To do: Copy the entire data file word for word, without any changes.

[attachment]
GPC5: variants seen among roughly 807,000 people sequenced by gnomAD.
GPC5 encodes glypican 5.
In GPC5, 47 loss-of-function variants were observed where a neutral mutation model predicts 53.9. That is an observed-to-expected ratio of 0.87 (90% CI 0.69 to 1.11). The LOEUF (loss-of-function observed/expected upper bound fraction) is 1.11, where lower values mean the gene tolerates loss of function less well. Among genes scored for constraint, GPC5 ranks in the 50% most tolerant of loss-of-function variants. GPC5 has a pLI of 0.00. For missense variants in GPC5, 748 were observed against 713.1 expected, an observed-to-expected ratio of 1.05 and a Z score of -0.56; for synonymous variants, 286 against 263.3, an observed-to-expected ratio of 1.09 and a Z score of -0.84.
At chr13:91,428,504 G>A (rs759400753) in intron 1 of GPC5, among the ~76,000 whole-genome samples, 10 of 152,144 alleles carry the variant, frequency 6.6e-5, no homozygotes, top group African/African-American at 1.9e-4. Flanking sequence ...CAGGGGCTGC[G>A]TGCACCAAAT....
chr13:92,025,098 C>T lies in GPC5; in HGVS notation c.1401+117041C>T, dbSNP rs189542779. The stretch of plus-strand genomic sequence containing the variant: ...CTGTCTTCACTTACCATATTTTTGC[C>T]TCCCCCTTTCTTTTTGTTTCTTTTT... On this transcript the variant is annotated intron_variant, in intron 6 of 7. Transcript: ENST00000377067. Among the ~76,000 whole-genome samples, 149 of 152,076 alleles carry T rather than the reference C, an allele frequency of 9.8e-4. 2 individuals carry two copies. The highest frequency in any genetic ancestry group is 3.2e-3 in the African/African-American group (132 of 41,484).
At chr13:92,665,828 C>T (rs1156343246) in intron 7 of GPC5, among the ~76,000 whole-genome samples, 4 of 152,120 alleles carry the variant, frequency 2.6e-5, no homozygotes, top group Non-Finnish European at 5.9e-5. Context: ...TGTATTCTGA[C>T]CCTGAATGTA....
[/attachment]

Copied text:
GPC5: variants seen among roughly 807,000 people sequenced by gnomAD.
GPC5 encodes glypican 5.
In GPC5, 47 loss-of-function variants were observed where a neutral mutation model predicts 53.9. That is an observed-to-expected ratio of 0.87 (90% CI 0.69 to 1.11). The LOEUF (loss-of-function observed/expected upper bound fraction) is 1.11, where lower values mean the gene tolerates loss of function less well. Among genes scored for constraint, GPC5 ranks in the 50% most tolerant of loss-of-function variants. GPC5 has a pLI of 0.00. For missense variants in GPC5, 748 were observed against 713.1 expected, an observed-to-expected ratio of 1.05 and a Z score of -0.56; for synonymous variants, 286 against 263.3, an observed-to-expected ratio of 1.09 and a Z score of -0.84.
At chr13:91,428,504 G>A (rs759400753) in intron 1 of GPC5, among the ~76,000 whole-genome samples, 10 of 152,144 alleles carry the variant, frequency 6.6e-5, no homozygotes, top group African/African-American at 1.9e-4. Flanking sequence ...CAGGGGCTGC[G>A]TGCACCAAAT....
chr13:92,025,098 C>T lies in GPC5; in HGVS notation c.1401+117041C>T, dbSNP rs189542779. The stretch of plus-strand genomic sequence containing the variant: ...CTGTCTTCACTTACCATATTTTTGC[C>T]TCCCCCTTTCTTTTTGTTTCTTTTT... On this transcript the variant is annotated intron_variant, in intron 6 of 7. Transcript: ENST00000377067. Among the ~76,000 whole-genome samples, 149 of 152,076 alleles carry T rather than the reference C, an allele frequency of 9.8e-4. 2 individuals carry two copies. The highest frequency in any genetic ancestry group is 3.2e-3 in the African/African-American group (132 of 41,484).
At chr13:92,665,828 C>T (rs1156343246) in intron 7 of GPC5, among the ~76,000 whole-genome samples, 4 of 152,120 alleles carry the variant, frequency 2.6e-5, no homozygotes, top group Non-Finnish European at 5.9e-5. Context: ...TGTATTCTGA[C>T]CCTGAATGTA....